LEWISTON, Idaho (AP) — A Clean Water Act lawsuit filed by the Nez Perce Tribe that seeks to force a Canadian gold mining company to acquire permits for pollution discharged from its central Idaho facility will be allowed to continue, a federal judge decided.
Judge B. Lynn Winmill at Boise forwarded the lawsuit first filed by the tribe in August against Midas Gold Corporation and its subsidiary, Midas Gold Idaho, The Lewiston Tribune reports.
“Midas Gold’s motion to stay the Tribe’s litigation was simply a delay tactic,” Nez Perce Tribal Executive Committee chairman Shannon F. Wheeler said. “The Tribe is eager to move forward with its litigation in order to ensure harmful pollution discharges from the site are stopped.”
The company is discharging water polluted with arsenic, cyanide, mercury and other heavy metals into streams of the Salmon River home to several species of fish protected by the Endangered Species Act, Nez Perce Tribal leaders said in the complaint.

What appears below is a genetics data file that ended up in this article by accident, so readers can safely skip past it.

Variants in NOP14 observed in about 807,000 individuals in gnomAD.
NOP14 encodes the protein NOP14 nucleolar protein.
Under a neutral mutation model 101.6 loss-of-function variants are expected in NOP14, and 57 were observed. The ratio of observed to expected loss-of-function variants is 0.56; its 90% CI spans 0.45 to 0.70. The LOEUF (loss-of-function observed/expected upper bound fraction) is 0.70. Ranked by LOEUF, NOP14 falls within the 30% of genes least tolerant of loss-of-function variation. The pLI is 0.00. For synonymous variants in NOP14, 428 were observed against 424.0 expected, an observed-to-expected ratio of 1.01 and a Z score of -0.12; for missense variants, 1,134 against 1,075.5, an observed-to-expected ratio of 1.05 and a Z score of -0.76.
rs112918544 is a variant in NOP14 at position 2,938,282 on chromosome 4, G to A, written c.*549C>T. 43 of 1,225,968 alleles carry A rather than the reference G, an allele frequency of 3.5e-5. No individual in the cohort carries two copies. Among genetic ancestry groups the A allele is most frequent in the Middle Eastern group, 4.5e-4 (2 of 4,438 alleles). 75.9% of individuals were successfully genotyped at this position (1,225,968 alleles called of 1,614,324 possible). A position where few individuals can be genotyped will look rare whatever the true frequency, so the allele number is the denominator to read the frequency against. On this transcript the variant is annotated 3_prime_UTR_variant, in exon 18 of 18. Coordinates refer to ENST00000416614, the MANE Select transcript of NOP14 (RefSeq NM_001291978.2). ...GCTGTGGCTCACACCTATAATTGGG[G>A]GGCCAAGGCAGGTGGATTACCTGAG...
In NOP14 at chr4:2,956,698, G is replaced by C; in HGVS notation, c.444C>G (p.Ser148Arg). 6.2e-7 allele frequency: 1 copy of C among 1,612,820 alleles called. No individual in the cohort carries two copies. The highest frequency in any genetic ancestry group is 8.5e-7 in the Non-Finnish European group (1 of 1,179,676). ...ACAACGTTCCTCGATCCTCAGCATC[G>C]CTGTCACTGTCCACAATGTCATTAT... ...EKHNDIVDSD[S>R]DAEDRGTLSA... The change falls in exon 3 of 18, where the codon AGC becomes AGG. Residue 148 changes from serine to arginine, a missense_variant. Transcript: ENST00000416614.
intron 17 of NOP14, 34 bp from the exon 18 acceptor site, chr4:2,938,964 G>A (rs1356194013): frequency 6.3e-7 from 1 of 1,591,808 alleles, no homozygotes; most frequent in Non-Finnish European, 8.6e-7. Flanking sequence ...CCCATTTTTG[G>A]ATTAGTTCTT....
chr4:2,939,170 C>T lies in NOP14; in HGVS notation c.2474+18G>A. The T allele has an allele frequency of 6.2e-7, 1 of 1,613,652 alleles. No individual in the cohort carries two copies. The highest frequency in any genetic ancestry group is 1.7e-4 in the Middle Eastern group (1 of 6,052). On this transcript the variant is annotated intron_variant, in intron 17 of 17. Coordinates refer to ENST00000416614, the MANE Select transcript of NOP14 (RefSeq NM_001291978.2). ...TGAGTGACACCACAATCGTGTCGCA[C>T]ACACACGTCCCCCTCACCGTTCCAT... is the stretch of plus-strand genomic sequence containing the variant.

The streams also run through traditional territory where tribal members fish, tribe officials said.
Pollution dates back years and no mining operations were conducted since Midas Gold purchased the mine 10 years ago, company officials said.
The company is in the process of acquiring state and federal permits to mine gold at the site while also proposing to remove barriers to fish, fixing sedimentation problems and removing other waste, officials said.
The proposed cleanup is contingent on the company being able to actively mine so some of its profits can be used for remediation, company officials said.
“Above all else, we remain committed to advancing solutions to improve water quality at the site,” Midas Gold Idaho CEO Laurel Sayer said. “We did not cause the problems facing the Stibnite Mining District but we are committed to being part of the solution. In fact, today, we are the only ones with a viable plan to address water quality in the historical mining district.”